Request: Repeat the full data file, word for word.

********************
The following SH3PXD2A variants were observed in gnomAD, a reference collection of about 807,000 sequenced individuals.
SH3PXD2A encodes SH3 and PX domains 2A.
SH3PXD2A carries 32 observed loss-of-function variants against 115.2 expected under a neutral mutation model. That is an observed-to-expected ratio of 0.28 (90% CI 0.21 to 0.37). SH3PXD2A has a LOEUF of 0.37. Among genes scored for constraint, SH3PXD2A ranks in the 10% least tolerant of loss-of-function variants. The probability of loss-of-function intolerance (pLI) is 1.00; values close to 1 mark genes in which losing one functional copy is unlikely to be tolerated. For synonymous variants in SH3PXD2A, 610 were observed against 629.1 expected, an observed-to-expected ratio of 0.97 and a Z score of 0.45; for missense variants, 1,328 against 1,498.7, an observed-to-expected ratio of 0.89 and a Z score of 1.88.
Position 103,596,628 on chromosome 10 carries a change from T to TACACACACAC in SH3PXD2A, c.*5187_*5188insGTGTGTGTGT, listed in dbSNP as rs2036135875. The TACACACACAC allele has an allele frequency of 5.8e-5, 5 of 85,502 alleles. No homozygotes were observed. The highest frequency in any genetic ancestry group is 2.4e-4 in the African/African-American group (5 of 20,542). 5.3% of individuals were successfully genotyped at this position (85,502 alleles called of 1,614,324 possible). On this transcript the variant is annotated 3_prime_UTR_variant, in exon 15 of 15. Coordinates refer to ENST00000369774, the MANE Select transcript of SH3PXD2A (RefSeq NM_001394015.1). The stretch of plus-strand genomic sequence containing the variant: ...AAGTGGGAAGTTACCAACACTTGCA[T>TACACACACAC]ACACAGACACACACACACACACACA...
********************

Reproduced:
The following SH3PXD2A variants were observed in gnomAD, a reference collection of about 807,000 sequenced individuals.
SH3PXD2A encodes SH3 and PX domains 2A.
SH3PXD2A carries 32 observed loss-of-function variants against 115.2 expected under a neutral mutation model. That is an observed-to-expected ratio of 0.28 (90% CI 0.21 to 0.37). SH3PXD2A has a LOEUF of 0.37. Among genes scored for constraint, SH3PXD2A ranks in the 10% least tolerant of loss-of-function variants. The probability of loss-of-function intolerance (pLI) is 1.00; values close to 1 mark genes in which losing one functional copy is unlikely to be tolerated. For synonymous variants in SH3PXD2A, 610 were observed against 629.1 expected, an observed-to-expected ratio of 0.97 and a Z score of 0.45; for missense variants, 1,328 against 1,498.7, an observed-to-expected ratio of 0.89 and a Z score of 1.88.
Position 103,596,628 on chromosome 10 carries a change from T to TACACACACAC in SH3PXD2A, c.*5187_*5188insGTGTGTGTGT, listed in dbSNP as rs2036135875. The TACACACACAC allele has an allele frequency of 5.8e-5, 5 of 85,502 alleles. No homozygotes were observed. The highest frequency in any genetic ancestry group is 2.4e-4 in the African/African-American group (5 of 20,542). 5.3% of individuals were successfully genotyped at this position (85,502 alleles called of 1,614,324 possible). On this transcript the variant is annotated 3_prime_UTR_variant, in exon 15 of 15. Coordinates refer to ENST00000369774, the MANE Select transcript of SH3PXD2A (RefSeq NM_001394015.1). The stretch of plus-strand genomic sequence containing the variant: ...AAGTGGGAAGTTACCAACACTTGCA[T>TACACACACAC]ACACAGACACACACACACACACACA...